Of course there are cheaper options to be had in other stores and by buying slightly different products, but when certain products can only be found in bio-stores, it’s easy to be put into a situation where you’ve no option but to pay that price. What about those who can’t afford it? Not just us who chose to travel on a budget, but what about people on a low monthly income, people on welfare, or even single parents with kids? Why should they be priced out of buying these products?
Though we realise that some products will come at a cost due to their low product yield and cost of manufacture; when you’re looking at one identical product with six different producers all charging large sums of money just because their packaging is nicer, it doesn’t seem quite right.
Will We Stay Vegan?
This is the question most people have been asking us, and to be honest, we’ve been asking each other that every day, and as we approached the final day when we could revert to our cheese-feasting, egg-devouring vegetarian diet; we had a couple of days to go so made the most of our time in Berlin to help us decide whether or not veganism is for us.
Over the final two days of the challenge we were the guest of two fantastic eateries here in the German capital. Firstly we stopped off at Chaparro to sample their fantastic selection of Mexican food which has a selection of strictly vegan options, with my favourite vegan chorizo amongst them.
The vegan chorizo was really special, and flavoured more towards mimicking the Mexican variant of the classic Spanish spiced sausage, up against its nopalese (young cactus leaf) counterpart, it had strong competition with its strong unusual smoky taste.
On the ultimate day of the challenge we were welcomed with smiles by the kind people at Laauma, a brand new vegan cafe in the hip-and-happening culture rich, district of colouful district of Friedrichshain.
We had a lovely few hours there speaking with their bright and informative staff, finding out the reasons why two tattoo artists chose to open a 100% vegan cafe where the food is focused on a great selection of ingredients rather than relying on faux meats to make a meal.
Of their selection we really loved their smoothies, loved their unique variation of ‘chicken’ nuggets (without faux meat – ace!) which we’re tempted to return for to try again; and also their own take on vegan Nutella which they sell in jars ready to take home, which I secretly bought whilst Franca was in the bathroom, knowing that of the very few things she missed, Nutella was amongst them.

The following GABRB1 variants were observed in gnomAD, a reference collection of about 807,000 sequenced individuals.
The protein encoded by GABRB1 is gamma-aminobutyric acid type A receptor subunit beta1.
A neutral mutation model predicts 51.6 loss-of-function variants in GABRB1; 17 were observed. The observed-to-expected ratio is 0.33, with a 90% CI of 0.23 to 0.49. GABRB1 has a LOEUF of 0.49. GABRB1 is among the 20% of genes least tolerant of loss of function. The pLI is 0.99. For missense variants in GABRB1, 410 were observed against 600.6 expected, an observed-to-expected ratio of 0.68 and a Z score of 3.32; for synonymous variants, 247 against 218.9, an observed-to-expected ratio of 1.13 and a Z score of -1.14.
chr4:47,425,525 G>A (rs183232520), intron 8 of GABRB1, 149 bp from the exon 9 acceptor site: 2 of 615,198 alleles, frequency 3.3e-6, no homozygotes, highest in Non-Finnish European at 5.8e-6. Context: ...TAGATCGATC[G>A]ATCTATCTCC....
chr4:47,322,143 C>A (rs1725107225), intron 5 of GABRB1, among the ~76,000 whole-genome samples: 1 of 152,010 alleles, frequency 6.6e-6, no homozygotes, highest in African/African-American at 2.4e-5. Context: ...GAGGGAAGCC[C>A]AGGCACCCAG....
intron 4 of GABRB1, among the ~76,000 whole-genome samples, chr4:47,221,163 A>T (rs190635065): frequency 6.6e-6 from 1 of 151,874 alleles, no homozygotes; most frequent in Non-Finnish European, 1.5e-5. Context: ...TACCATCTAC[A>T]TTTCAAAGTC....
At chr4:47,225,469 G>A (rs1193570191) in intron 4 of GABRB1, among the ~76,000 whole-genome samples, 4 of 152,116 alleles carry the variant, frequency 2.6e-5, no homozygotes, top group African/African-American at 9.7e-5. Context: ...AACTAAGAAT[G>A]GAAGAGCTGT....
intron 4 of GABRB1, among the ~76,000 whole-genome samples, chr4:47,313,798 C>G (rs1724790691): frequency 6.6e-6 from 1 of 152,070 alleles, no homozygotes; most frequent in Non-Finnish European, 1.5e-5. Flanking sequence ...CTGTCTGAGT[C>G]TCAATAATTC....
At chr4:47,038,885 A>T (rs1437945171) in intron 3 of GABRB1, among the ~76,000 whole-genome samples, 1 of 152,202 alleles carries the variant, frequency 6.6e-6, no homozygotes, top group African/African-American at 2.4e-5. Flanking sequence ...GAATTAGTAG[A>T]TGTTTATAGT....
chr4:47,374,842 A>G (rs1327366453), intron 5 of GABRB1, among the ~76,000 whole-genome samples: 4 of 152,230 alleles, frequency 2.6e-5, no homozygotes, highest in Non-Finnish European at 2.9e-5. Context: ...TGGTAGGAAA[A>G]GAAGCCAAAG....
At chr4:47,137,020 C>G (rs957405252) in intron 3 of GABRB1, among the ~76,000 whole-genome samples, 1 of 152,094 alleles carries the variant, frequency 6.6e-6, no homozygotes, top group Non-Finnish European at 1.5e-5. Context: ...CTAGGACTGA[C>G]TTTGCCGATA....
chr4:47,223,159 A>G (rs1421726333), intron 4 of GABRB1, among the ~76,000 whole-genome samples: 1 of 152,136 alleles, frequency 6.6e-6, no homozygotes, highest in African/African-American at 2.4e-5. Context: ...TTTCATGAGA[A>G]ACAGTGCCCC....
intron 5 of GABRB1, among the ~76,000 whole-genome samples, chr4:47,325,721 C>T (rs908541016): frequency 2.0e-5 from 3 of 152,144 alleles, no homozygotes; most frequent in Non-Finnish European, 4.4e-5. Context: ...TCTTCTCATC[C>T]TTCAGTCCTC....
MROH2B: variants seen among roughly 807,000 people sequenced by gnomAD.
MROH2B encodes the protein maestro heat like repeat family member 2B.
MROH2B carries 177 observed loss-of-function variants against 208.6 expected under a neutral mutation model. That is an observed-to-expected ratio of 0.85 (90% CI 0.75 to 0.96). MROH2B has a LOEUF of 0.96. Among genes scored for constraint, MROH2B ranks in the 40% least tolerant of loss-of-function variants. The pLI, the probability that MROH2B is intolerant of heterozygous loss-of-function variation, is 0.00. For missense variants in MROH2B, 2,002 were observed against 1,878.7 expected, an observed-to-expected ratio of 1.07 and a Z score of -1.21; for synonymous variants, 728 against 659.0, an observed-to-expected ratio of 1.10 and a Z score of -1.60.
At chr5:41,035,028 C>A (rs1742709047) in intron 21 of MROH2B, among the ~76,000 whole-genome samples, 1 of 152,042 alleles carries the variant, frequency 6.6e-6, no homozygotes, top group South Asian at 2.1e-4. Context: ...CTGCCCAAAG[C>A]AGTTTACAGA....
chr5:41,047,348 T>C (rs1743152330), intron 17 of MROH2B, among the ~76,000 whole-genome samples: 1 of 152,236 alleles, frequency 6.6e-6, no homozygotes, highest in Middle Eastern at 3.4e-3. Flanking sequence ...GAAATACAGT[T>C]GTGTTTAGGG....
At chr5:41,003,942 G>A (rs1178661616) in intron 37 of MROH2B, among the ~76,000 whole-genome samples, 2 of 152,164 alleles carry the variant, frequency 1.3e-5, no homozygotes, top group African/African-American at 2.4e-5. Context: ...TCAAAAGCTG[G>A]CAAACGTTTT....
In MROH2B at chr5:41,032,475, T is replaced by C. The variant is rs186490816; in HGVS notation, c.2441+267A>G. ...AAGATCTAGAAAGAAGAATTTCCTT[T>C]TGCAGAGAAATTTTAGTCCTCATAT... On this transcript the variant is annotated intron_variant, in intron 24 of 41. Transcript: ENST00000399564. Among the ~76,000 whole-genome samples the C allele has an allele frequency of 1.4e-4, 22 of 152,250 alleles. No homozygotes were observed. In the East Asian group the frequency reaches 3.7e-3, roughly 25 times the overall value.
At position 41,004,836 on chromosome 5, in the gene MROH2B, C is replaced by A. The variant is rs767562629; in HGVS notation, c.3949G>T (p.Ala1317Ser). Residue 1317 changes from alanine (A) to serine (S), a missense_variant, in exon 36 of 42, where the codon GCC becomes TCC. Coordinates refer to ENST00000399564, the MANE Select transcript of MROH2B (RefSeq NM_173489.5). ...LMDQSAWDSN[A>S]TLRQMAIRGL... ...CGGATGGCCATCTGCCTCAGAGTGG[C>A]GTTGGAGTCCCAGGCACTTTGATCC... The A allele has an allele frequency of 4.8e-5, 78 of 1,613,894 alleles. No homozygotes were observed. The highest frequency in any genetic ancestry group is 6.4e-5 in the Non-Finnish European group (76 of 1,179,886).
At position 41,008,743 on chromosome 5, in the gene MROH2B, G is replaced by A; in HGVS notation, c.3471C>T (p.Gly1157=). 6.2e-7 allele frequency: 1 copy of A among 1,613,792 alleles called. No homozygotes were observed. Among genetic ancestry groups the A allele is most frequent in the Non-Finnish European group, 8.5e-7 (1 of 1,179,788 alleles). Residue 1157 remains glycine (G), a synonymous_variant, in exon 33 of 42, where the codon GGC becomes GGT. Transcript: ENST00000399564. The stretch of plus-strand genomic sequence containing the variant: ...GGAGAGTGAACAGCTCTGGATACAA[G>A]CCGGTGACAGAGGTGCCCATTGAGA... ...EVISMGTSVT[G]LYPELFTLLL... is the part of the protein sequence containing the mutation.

With the question still on our minds and this great food in our mouths we really started to understand and see what our final choice was going to be, that until we feel that it’s just not working, we’re going to stay vegan
Whilst we’re really against the added cost that veganism can bring with it due to its growing trendiness, and checking the ingredients of every product we pick up and are offered by kind Couchsurfing hosts and friends; now that we know the things we know about veganism – and more importantly, animal rights – there’s just no way that we could possibly un-know everything we’ve learned.
So for now we’re vegan. Of course there are some things that we kind of craved during the thirty day vegan challenge, like Nutella and cheese, when the day came that we could just switch back to our vegetarian diet and eat the cheese that was offered to us, we just didn’t feel the urge anymore and thought that we’ll just keep it up as long as it feels right.
For this site of course that might mean some changes, we may write more articles about travelling with a vegan diet and lifestyle, we might write about it from time-to-time as we were with our vegetarian diet. We just don’t know. All that we do know, however, is that we’re happy to write and share what we’ve learned and experienced, just as you’re happy for us to do so. Is that something you’d like to read about? Or you curious too, or are our travel articles enough for you?
Since day one this travel blog started for friends and family and over the years we’ve gained many new readers, of which many we now call our friends too, so as our friends, we want to know what you want to read about from our daily lives as travellers; so please tell us!
And finally, thanks again to Cela and the fantastic team at Veganuary.com for their encouragement and support during this vegan travel challenge they set for us. It’s been a fantastic learning process and we strongly recommend that you sign up for this coming January!; and also thanks to all of you for your fantastic words of advice and tips that helps us every single day.
Do you want us to keep sharing our vegan travel experiences?